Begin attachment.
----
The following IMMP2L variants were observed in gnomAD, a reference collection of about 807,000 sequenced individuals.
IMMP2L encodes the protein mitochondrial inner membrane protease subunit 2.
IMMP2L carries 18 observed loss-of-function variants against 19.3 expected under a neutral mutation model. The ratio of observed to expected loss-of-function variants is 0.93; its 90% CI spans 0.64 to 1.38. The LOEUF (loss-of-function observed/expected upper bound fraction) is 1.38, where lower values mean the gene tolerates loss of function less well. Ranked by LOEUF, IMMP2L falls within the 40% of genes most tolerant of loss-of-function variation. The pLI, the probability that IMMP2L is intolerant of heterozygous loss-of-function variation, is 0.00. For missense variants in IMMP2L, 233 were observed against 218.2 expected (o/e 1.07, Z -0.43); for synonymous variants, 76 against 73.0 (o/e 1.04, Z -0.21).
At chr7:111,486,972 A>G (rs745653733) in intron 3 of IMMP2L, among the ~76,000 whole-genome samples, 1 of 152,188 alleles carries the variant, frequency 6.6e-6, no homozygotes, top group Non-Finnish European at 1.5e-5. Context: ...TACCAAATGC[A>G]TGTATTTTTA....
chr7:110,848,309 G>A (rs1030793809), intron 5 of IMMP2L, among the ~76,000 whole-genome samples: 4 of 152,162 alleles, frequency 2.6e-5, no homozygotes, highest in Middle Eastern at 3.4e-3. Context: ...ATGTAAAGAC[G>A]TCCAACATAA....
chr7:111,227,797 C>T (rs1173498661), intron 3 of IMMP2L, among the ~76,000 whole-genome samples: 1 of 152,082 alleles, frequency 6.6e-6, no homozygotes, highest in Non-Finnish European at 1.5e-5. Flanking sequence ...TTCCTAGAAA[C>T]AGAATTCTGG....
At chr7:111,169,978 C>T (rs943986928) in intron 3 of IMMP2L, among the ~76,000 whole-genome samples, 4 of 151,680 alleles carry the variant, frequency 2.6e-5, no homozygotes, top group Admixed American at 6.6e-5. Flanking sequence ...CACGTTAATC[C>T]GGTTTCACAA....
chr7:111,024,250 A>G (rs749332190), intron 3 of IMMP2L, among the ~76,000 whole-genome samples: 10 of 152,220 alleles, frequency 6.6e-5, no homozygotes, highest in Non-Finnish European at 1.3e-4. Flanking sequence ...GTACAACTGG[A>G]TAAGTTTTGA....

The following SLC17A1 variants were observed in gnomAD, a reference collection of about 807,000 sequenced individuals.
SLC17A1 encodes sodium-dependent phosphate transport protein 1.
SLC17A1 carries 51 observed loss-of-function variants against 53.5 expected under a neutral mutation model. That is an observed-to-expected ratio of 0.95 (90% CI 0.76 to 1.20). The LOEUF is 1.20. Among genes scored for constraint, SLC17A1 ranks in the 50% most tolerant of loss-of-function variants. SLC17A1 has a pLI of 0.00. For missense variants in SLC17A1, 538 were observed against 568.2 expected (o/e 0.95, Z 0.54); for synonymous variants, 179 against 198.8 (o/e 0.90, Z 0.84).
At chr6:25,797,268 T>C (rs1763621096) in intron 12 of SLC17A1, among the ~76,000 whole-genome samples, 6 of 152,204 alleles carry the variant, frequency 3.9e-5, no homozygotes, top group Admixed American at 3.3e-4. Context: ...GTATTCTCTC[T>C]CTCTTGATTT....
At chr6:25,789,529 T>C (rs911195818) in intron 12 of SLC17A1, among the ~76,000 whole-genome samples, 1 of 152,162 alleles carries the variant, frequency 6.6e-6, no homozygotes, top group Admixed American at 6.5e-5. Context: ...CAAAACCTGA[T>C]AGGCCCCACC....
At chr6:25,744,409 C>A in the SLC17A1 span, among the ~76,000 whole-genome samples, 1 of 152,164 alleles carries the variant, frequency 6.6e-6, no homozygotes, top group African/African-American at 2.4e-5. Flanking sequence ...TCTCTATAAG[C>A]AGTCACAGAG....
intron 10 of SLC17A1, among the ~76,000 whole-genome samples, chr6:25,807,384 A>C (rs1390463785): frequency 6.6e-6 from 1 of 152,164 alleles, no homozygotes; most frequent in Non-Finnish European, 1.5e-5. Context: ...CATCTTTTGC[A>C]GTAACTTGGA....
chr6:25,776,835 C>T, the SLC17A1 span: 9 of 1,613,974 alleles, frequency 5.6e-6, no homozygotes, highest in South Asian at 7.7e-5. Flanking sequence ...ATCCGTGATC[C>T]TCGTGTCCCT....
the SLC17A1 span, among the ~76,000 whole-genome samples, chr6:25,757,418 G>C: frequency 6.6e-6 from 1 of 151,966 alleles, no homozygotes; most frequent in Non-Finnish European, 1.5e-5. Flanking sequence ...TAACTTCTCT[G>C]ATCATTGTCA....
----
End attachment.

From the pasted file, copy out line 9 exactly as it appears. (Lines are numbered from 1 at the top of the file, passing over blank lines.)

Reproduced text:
The following SLC17A1 variants were observed in gnomAD, a reference collection of about 807,000 sequenced individuals.